Polyclitus of Sicyon, a famous sculptor, once worked at the same time on two similar statues. One in public and the other in secret. For the latter he consulted only his own genius, but for the former he accepted every bit of advice and made every little adjustment that the critics suggested.
After finishing both statues, he exhibited them in public, side by side. One statue that had been the fruit of his genius was extolled endlessly, but the other was criticized brutally.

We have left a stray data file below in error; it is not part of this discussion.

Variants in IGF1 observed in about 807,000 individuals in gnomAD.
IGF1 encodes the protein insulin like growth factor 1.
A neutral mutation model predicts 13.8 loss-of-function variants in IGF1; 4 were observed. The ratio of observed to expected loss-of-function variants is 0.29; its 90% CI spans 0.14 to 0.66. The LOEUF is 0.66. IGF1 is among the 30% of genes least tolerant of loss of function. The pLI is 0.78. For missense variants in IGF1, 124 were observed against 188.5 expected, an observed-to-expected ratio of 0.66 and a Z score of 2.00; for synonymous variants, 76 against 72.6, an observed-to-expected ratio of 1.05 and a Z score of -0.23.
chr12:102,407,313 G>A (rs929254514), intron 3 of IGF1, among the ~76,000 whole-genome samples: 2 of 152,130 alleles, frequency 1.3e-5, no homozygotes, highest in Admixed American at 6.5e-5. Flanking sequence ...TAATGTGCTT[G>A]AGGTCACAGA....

‘Athenians,’ said Polyclitus, ‘the statue you criticize is your work, and the one you so admire is mine.’
Excellence comes not from listening to everyone but from acting according to one’s convictions. It is indeed important that people know what you stand for, but it is equally important that they know what you won’t stand for.
Quote: “In the matter of principles, stand like a rock; in matters of taste, swim with the current.” – Thomas Jefferson